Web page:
BOWLING GREEN STATE UNIVERSITY


Popular Culture Pioneer Edits Two New Compilations

Pinocchio and NASCAR don’t often come up in the same discussion, but in a new book titled Profiles of Popular Culture: A Reader, the two otherwise disparate subjects are both at home.

Dr. Ray B. Browne, the book’s editor and a Distinguished University Professor Emeritus of popular culture at BGSU, employs essays about Pinocchio and NASCAR fans as part of explorations of myths and heroes, respectively. He similarly uses other essays, from both scholarly and mainstream media, to help illustrate broader topics from A (advertising) to V (vacationing and sightseeing), with food, fads and fashion among those in between.

While Profiles of Popular Culture serves as both an academic book and a reference for a general audience interested in popular culture’s role in contemporary society, a second new volume edited by Browne is specifically subtitled Essays for Educators.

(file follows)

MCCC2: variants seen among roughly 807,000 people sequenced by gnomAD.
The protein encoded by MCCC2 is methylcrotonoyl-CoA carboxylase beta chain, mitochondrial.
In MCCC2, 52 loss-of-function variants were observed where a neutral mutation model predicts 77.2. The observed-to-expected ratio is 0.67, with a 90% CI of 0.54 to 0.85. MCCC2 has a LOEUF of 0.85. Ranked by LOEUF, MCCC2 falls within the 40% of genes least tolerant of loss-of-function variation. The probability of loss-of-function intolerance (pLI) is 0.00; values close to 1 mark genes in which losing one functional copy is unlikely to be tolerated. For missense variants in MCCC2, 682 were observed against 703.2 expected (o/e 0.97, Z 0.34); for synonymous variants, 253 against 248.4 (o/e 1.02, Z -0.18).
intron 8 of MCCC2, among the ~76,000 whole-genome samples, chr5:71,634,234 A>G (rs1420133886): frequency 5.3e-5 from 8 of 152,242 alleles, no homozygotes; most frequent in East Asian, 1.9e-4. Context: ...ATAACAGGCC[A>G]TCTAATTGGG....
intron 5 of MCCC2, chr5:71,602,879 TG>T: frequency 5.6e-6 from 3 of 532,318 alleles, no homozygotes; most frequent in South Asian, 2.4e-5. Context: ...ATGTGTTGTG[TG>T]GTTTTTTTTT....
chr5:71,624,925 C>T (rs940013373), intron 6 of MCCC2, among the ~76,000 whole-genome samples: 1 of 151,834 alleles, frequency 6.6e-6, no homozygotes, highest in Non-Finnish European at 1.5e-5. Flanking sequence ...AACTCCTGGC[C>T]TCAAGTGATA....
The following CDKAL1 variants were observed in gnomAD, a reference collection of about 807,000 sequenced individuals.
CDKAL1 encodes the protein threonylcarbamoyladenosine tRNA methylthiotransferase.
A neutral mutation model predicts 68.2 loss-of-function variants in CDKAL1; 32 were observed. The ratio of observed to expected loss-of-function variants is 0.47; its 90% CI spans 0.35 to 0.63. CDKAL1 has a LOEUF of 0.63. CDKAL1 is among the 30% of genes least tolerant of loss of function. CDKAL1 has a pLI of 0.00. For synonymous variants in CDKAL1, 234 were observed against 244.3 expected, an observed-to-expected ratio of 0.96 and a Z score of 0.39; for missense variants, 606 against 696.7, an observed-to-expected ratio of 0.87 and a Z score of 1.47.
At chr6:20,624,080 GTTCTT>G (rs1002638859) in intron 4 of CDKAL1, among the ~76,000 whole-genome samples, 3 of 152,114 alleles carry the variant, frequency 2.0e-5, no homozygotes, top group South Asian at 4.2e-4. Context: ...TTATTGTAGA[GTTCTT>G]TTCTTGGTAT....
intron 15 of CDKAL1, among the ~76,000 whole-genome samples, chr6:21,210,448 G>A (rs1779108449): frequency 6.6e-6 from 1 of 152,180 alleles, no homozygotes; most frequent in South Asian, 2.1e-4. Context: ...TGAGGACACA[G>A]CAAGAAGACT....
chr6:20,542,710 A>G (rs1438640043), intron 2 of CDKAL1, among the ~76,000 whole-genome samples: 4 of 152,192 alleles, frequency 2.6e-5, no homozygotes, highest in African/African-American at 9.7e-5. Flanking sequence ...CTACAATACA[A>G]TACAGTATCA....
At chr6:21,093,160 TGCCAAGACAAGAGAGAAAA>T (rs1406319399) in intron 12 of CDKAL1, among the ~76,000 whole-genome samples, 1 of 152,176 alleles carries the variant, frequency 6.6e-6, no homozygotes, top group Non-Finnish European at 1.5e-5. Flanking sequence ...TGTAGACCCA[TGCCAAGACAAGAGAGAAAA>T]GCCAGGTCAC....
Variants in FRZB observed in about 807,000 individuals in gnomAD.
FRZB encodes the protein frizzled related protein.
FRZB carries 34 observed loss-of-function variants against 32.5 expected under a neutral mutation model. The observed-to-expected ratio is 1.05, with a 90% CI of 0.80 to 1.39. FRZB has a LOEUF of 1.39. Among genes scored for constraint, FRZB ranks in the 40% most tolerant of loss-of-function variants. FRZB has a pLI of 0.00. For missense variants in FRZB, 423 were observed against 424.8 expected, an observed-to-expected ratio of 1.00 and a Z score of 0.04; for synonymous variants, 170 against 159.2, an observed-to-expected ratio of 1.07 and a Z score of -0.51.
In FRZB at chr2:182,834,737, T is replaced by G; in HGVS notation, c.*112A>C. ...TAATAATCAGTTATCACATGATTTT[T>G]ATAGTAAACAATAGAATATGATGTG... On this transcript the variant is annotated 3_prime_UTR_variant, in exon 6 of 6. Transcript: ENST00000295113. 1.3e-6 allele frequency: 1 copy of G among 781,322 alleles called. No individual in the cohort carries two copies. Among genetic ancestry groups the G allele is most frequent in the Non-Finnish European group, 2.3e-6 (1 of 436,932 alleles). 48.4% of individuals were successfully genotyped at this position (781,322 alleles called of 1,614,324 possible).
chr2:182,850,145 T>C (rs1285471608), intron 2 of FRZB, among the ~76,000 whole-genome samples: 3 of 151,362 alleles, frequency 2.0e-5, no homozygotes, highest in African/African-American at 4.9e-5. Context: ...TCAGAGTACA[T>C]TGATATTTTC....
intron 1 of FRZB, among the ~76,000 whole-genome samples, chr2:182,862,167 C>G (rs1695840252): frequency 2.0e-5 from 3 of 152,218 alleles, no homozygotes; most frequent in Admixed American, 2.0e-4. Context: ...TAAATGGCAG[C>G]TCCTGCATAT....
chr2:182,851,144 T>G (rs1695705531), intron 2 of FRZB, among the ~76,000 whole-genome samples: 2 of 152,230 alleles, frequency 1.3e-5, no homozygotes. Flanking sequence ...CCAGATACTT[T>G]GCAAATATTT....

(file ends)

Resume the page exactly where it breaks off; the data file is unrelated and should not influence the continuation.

That book, Popular Culture Studies Across the Curriculum, emphasizes the need for interdisciplinary mingling and explores ways in which popular culture studies can deepen inquiry in particular fields. The 18 essays span campus curricula, including the humanities, social sciences, geography, women’s studies, business and economics. The importance of popular culture courses in community colleges and high schools is also addressed.

McFarland & Company Inc. is the publisher of Popular Culture Studies Across the Curriculum, while Profiles of Popular Culture is published by the Popular Press, an imprint of the University of Wisconsin Press. Browne and his wife, Pat, founded the Popular Press at BGSU. It was acquired by the University of Wisconsin three years ago.

After coming to Bowling Green in 1967, Ray Browne also established a center for popular culture study and the Journal of Popular Culture. Often credited with coining the term, he also co-founded the Popular Culture Association, BGSU’s Department of Popular Culture—the first academic department of its kind in the nation—and the University’s Popular Culture Library, which is now named in his and his wife’s honor.

Named a Distinguished University Professor in 1977, he created the Journal of American Culture the following year and remained a full-time teacher until retiring in 1992. He has continued to work as a writer and editor, with more than 70 books and hundreds of articles to his credit.
July 18, 2005